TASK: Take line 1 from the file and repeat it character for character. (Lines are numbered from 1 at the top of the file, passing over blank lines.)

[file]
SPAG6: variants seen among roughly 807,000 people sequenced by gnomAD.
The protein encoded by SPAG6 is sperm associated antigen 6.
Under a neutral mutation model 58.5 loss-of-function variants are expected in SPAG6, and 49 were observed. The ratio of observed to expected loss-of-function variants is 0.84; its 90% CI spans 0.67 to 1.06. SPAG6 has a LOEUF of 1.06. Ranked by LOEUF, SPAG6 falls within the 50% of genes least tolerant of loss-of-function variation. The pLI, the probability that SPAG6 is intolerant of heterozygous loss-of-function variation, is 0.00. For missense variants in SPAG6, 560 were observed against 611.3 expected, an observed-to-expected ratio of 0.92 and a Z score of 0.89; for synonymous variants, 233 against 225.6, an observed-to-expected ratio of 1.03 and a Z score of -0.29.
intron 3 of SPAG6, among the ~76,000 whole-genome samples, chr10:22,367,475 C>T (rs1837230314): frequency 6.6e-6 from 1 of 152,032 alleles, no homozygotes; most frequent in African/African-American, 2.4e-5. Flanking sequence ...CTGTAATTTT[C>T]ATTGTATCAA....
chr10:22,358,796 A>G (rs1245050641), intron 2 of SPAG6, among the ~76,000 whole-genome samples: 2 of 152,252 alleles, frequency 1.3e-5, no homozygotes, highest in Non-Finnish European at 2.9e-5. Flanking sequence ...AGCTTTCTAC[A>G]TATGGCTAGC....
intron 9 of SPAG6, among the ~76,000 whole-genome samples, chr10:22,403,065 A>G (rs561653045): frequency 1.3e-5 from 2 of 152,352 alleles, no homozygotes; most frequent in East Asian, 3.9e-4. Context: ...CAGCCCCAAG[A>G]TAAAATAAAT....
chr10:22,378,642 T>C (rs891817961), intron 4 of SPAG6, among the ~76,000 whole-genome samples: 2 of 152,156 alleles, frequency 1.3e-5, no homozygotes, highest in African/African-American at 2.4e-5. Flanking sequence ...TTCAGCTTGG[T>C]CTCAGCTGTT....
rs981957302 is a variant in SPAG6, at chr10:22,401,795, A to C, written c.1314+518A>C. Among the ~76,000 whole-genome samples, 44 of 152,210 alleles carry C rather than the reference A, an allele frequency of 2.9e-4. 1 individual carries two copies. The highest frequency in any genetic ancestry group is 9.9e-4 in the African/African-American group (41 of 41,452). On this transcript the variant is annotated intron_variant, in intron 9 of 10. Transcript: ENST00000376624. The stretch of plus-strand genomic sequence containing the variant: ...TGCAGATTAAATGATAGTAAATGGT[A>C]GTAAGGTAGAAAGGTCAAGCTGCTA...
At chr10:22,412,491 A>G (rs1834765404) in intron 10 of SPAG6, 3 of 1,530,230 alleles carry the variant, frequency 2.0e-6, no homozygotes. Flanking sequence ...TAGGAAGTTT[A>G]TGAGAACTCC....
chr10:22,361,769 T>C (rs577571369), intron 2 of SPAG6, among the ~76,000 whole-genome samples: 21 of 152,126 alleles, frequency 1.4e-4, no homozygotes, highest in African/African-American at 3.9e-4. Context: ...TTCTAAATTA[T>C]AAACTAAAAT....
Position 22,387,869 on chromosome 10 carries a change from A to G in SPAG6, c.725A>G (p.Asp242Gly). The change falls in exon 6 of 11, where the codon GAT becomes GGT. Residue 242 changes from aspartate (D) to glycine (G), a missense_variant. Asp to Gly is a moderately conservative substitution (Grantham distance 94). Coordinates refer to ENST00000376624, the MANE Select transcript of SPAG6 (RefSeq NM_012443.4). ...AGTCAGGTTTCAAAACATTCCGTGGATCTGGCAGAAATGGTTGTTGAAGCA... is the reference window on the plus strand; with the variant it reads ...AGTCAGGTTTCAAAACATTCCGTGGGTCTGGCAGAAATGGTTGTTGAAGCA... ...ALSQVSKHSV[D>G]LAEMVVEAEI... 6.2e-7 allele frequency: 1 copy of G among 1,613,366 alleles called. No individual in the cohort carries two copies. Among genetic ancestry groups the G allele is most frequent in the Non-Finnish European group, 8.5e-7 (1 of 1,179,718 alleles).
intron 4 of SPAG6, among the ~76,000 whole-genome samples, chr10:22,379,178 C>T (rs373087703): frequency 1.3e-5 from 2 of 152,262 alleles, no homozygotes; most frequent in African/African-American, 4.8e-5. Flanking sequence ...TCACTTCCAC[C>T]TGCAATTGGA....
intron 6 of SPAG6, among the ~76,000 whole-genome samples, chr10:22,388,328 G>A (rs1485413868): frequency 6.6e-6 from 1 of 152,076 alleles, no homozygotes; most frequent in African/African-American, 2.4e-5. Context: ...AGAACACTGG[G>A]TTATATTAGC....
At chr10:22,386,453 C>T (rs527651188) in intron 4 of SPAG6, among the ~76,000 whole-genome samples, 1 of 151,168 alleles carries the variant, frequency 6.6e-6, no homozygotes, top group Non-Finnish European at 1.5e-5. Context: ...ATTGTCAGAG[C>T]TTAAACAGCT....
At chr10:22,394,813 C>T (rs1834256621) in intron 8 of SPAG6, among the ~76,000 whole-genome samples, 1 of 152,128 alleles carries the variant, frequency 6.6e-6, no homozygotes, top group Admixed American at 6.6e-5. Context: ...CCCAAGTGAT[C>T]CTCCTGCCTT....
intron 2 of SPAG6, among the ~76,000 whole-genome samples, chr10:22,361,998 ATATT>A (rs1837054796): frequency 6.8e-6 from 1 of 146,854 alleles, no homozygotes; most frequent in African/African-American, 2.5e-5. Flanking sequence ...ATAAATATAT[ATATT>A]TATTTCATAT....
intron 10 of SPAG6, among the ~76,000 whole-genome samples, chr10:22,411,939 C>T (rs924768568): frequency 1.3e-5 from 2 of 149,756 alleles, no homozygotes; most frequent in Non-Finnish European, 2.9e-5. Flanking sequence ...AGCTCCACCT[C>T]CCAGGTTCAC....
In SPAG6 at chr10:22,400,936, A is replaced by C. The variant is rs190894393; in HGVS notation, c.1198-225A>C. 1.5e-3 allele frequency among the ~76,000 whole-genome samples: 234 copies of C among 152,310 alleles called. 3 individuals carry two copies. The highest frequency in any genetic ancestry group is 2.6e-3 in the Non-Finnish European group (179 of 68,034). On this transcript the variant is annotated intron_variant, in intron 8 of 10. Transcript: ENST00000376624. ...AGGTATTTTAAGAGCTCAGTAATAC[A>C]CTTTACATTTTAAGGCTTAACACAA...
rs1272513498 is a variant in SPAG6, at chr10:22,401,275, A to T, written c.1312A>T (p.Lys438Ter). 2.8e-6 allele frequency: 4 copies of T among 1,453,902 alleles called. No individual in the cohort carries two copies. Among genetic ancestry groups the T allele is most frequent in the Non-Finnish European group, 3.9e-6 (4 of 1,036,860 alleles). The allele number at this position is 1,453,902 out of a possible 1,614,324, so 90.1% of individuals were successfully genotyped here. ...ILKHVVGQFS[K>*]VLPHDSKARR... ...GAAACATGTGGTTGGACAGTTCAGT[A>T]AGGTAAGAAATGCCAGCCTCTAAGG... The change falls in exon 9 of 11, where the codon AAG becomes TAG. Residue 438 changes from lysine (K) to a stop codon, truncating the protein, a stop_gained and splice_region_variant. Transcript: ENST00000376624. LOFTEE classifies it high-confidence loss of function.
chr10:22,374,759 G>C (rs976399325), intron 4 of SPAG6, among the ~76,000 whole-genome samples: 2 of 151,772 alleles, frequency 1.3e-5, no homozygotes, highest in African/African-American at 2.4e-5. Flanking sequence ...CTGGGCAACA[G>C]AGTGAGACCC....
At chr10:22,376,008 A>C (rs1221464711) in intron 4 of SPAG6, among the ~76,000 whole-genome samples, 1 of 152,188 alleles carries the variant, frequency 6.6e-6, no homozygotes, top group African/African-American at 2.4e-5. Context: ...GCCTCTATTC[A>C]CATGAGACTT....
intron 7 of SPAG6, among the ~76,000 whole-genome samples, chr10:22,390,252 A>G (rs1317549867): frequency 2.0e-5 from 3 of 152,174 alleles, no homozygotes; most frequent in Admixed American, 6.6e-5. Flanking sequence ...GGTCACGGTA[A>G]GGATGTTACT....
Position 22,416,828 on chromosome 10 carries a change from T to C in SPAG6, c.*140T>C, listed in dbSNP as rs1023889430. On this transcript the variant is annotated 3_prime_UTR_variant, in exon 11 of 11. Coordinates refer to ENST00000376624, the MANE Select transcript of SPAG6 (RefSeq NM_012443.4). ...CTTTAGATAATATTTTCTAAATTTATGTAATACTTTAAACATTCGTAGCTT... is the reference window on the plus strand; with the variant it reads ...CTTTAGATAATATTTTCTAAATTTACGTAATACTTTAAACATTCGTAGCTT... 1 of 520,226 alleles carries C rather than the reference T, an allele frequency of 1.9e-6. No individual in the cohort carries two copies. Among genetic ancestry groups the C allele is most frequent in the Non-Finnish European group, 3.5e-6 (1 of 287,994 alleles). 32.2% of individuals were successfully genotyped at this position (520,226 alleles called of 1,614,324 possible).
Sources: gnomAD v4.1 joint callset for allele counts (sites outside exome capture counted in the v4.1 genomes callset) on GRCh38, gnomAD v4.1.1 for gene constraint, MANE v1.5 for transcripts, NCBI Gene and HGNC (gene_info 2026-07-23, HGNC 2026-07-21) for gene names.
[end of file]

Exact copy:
SPAG6: variants seen among roughly 807,000 people sequenced by gnomAD.